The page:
The latest issue of RTP! (#27) has been reviewed by Zeus Blog reviewer Alistair Hughes.
Take a look here to read.
1 day ago
We don' t have a lot to go on regarding Cats, but perhaps what there does exist and is known to have happened around its first commission and eventual rejection will be enough. Perhaps. Let's go.
Cats was to have been the season closer of Season Fifteen after Graham Williams suggested a sequel by Robert Holmes to The Deadly Assassin. Holmes declined and Cats was its initial replacement. The season had already undergone some considerable change throughout its production, having suffered from the usual conflict of lofty ideas versus limited budget (perhaps to a more spectacular degree in stories such as The Invisible Enemy and Underworld, the latter having been "saved" though the use of extensive CSO, a factor which would be its critical downfall for many years). Already then, the seeds for Cats' early shelving were sown, a fact not helped by the now widely celebrated but infamous "Wembly Park Stadium" scene, reputed to have hosted up to 96,000 extras in full feline attire. But Cats might not have been entirely lost just through one scene, which could still have been realised alternatively with, say, forced perspective (see: The Twin Dilemma). The script must have had its problems. What were they? Unfortunately, these remain unknown.
Certainly some elements of Cats survived to be realised in its eventual replacement, and this should come as no surprise given the rushed schedule to complete the season line-up, along with the co-writing credit by the season's Script Editor. The Invasion of Time kept the Gallifreyan setting, and it might not be too much of a stretch to imagine the felines taking their place within this model. A Sontaran beach-head model at this stage sounds unlikely, but maybe their part was as the aggressor - an attempt by them made on the Capitol? Who can say?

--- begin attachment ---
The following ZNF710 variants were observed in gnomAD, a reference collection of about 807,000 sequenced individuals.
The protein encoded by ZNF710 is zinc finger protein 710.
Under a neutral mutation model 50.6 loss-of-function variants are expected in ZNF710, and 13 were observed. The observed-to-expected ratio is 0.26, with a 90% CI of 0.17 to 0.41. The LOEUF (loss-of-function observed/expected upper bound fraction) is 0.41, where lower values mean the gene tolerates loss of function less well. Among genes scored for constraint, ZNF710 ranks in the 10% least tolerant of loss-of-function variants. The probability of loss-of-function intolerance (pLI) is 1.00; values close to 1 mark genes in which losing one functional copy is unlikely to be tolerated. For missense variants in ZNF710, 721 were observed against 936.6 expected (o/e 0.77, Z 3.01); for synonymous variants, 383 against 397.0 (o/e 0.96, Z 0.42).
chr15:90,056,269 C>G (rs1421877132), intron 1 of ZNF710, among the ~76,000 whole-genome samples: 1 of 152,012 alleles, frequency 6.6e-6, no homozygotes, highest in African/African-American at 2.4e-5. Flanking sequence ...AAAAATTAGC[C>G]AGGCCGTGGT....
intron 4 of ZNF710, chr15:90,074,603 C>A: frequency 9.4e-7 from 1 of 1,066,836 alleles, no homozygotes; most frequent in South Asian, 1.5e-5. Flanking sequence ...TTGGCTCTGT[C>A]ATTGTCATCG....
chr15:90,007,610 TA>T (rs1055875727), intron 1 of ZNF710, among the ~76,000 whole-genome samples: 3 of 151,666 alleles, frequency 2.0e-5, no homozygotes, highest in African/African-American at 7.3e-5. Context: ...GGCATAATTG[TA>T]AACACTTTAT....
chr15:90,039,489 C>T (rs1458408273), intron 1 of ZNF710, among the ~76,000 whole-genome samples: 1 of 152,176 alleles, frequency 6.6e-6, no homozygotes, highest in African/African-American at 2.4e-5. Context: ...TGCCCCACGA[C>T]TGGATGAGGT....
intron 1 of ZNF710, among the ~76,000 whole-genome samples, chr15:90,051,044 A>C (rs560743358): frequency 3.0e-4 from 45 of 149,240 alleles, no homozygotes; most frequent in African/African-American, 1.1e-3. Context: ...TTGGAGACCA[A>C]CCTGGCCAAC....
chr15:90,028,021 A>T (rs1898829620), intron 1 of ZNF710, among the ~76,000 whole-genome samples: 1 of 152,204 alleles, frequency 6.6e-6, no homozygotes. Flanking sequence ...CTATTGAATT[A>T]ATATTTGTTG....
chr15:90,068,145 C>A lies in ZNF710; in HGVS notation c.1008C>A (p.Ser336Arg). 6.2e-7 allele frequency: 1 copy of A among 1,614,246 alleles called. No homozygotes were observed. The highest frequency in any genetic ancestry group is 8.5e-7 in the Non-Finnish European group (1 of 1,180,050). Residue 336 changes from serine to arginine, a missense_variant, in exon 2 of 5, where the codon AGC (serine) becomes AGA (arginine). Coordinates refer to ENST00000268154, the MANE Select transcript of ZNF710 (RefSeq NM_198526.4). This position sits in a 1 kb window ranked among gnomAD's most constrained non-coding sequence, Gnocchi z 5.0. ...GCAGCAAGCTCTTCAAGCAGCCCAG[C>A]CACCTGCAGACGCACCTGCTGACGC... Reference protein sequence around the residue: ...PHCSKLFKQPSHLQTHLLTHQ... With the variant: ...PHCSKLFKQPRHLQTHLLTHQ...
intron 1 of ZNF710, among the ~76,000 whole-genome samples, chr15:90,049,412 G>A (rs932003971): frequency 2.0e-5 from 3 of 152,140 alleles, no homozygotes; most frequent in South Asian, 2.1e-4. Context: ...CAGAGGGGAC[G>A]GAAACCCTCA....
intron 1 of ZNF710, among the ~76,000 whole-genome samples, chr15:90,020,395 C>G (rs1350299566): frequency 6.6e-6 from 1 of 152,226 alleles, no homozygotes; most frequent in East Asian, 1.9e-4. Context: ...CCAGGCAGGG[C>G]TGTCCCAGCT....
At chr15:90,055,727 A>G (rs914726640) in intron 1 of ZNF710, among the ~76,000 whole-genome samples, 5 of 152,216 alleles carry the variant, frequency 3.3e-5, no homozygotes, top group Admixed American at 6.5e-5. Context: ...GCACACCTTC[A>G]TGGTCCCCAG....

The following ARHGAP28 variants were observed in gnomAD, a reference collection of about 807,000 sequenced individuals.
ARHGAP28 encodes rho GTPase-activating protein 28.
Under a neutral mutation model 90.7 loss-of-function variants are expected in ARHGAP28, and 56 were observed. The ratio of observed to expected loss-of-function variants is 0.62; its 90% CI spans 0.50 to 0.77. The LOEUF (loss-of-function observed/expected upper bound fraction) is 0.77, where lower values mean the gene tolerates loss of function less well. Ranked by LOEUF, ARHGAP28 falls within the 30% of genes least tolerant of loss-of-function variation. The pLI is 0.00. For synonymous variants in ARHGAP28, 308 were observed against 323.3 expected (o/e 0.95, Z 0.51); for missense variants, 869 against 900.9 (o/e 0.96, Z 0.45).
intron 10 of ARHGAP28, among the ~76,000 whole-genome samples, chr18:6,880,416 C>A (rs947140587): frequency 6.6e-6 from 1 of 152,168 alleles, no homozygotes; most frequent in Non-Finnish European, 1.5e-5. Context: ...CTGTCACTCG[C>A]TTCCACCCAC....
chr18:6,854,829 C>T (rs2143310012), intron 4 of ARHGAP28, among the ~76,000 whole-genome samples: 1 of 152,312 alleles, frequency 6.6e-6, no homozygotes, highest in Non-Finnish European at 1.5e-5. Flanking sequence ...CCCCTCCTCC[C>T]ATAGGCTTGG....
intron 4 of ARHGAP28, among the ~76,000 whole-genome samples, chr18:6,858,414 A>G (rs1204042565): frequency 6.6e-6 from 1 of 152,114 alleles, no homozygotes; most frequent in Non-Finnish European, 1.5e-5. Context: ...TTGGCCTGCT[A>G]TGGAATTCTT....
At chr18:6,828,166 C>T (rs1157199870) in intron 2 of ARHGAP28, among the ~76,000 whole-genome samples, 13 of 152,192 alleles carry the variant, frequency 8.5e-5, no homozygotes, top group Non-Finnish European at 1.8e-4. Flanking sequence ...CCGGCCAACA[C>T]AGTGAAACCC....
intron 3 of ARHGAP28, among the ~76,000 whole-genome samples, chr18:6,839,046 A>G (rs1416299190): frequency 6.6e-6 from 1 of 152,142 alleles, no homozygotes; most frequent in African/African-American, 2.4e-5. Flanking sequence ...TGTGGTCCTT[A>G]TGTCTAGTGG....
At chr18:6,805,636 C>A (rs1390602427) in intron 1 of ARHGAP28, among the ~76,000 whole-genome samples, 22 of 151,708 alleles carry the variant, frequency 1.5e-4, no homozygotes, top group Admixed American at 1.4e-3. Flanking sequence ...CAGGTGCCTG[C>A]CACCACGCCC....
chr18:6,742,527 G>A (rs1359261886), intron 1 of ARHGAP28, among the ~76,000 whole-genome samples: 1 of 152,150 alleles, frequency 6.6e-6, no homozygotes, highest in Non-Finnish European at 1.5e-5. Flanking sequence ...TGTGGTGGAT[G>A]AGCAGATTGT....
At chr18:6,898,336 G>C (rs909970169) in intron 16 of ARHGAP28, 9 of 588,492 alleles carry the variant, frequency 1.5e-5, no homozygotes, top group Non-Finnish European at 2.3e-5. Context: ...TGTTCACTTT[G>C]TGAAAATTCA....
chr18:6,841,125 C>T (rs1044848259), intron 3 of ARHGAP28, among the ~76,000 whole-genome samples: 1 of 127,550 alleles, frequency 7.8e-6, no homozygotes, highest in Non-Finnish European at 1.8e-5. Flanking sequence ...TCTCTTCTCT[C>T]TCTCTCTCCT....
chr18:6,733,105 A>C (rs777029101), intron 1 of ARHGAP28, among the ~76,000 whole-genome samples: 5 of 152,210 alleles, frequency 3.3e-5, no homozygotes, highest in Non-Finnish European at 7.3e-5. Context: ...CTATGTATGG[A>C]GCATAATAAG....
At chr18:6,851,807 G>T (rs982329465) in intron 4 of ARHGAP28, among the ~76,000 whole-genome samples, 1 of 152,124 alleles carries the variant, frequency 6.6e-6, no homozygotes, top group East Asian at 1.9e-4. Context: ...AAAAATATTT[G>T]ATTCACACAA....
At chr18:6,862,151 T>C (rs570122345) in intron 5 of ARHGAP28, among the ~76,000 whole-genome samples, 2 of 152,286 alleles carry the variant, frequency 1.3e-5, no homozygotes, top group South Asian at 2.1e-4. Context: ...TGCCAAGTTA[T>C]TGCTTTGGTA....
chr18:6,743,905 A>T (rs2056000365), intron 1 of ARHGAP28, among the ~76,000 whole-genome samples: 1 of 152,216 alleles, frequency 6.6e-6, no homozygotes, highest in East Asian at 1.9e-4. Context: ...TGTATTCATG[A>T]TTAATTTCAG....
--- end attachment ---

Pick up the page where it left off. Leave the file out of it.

But what of the Killer Cats themselves? All we have to go on is a set of costume designs by Dee Robson (showing male and female versions), and what costumes they looked to be! The Cats would have worn flowing robes according to the design sketches, which by Who terms usually spells two things: civilisation and nobility. Perhaps they were a race as old as the Time Lords themselves. Were they a civilised race betrayed by one of their number who was either ambitious or foolhardy? Perhaps they were the precursors to Invasion's "Outsiders" - the idea of Leela leaving the TARDIS for a life among the felines seems plausible. One thing is certain with Cats however; the series' vision of Gallifrey would have undergone yet another change with the introduction of this new native race.
In some way, with what we know of what followed in the series some of this might not have made a complete clash; we know from Mark of the Rani that cats exist on Gallifrey, and this idea was extended in the Missing Adventures (Goth Opera had the Doctor reminiscing over introducing cats into the planet's biosphere; Invasion of the Cat People linked the book's villains with the Cheetah People and the Killer Cats as relatives). Who knows what fan theories might have sprung up regarding the sixth Doctor's choice of moggy badges had Cats seen production? Far more significant though, would have been the change to Gallifrey within the series. Unless the appearance of the Cats comes as some sort of contrivance (they reappear after returning from a long journey, a la the Minyans of Underworld, or are "woken" from slumber. A catnap if you will) then we must assume that they have always been part of Gallifrey. The only alternative is the contrivance, and this might perhaps have saved the overpopulation problem of the story. Survivors of thought-dead races in Who usually number under ten - often under five (Zygons, Kraals).
Problem solved? Maybe not. After all the supposition, the most famous aspect of Cats is that Wembly Stadium concept. As a season closer, a handful of monsters, grand, ancient and noble as they may be, makes less than impressive television. But then so did the Vardans apparently, which really just goes to show how much of a gamble the whole game becomes in the end.
- Peter Adamson